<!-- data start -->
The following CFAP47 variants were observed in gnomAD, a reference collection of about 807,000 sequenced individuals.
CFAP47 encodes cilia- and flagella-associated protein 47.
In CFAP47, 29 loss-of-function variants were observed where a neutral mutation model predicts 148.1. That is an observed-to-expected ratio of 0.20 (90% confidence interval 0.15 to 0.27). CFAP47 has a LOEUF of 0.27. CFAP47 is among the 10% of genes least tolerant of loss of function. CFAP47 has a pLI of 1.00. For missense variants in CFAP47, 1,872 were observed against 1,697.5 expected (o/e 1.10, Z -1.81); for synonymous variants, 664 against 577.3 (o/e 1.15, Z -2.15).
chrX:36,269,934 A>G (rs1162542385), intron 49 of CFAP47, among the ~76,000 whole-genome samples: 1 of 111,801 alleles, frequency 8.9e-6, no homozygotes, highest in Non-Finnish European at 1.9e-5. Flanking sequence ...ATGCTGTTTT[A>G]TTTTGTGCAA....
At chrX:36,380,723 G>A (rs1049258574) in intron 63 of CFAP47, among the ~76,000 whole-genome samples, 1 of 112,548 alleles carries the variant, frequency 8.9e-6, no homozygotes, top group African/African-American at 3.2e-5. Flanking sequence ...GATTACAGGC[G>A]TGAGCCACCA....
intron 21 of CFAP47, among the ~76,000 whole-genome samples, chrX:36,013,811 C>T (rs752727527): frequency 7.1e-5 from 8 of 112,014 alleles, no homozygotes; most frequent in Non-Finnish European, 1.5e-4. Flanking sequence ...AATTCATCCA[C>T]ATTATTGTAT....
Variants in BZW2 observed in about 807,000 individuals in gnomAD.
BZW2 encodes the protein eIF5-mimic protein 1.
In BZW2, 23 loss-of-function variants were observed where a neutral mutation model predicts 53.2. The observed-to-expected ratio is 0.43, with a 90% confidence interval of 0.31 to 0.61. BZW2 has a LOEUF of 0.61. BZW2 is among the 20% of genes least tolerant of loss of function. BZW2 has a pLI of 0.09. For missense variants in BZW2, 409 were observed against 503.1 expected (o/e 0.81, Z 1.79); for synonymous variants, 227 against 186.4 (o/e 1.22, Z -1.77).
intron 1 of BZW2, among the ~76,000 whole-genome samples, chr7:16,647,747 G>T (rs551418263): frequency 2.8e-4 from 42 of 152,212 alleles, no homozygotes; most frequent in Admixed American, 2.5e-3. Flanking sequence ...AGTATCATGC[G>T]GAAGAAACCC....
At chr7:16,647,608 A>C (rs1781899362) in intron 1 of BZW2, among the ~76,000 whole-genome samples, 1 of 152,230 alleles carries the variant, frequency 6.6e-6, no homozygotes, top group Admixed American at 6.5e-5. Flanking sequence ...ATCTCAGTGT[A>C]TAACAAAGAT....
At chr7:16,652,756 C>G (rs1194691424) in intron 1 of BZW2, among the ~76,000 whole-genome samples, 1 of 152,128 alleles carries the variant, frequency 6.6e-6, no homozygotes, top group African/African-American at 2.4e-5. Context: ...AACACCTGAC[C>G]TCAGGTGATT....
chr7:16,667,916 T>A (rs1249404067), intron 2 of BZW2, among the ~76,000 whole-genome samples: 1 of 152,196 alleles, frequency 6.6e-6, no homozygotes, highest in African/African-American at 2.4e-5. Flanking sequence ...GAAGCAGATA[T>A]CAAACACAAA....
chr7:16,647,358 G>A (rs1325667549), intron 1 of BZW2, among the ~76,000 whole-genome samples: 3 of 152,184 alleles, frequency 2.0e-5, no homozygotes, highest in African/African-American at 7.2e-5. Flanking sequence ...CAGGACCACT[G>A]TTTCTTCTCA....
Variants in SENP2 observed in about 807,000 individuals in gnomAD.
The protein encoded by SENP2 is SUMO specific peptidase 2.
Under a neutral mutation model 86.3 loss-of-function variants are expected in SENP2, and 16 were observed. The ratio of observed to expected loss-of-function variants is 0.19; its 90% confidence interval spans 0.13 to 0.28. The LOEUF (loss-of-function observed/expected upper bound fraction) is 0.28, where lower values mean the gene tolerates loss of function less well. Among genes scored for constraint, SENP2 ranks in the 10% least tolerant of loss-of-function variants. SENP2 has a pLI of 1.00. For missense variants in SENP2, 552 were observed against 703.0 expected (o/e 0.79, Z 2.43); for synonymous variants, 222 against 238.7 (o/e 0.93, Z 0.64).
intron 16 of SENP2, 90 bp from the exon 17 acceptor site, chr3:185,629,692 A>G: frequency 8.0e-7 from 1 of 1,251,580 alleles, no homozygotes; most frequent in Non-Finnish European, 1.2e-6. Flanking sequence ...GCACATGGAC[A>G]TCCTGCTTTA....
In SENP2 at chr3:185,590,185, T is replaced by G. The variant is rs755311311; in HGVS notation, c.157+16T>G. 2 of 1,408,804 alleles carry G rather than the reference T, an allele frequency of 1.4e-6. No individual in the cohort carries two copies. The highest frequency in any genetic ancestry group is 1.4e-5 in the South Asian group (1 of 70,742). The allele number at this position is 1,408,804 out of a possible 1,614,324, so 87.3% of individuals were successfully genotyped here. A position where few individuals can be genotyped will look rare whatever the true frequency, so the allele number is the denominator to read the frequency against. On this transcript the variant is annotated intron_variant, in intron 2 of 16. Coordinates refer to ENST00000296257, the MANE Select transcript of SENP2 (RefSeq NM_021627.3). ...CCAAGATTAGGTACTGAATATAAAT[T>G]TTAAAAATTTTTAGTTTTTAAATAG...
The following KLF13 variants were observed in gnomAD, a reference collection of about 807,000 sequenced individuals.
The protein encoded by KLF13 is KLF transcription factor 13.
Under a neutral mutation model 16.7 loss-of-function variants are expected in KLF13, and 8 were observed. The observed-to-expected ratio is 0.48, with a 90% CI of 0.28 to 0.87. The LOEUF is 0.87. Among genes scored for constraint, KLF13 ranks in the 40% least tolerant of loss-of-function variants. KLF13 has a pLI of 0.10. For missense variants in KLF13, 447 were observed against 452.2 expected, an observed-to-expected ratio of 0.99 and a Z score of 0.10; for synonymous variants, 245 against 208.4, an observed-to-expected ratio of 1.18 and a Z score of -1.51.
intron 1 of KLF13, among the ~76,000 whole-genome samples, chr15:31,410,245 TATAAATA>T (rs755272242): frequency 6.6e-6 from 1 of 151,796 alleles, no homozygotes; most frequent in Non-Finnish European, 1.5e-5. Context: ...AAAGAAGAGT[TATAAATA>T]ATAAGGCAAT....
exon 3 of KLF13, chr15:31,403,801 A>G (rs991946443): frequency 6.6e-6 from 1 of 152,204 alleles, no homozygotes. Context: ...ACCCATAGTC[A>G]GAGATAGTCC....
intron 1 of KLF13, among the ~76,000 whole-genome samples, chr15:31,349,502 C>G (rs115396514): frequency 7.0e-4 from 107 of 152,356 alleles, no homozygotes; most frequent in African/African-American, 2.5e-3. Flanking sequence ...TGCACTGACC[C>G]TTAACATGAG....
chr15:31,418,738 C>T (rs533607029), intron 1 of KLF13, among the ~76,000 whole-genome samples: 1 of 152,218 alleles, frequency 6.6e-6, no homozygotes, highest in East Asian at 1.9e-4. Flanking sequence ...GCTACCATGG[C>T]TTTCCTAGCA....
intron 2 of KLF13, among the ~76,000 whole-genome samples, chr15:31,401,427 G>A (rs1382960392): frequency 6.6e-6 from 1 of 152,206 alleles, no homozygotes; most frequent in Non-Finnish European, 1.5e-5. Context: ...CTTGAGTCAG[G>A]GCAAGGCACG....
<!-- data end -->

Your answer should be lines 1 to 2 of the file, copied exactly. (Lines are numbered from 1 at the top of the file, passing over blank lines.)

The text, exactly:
The following CFAP47 variants were observed in gnomAD, a reference collection of about 807,000 sequenced individuals.
CFAP47 encodes cilia- and flagella-associated protein 47.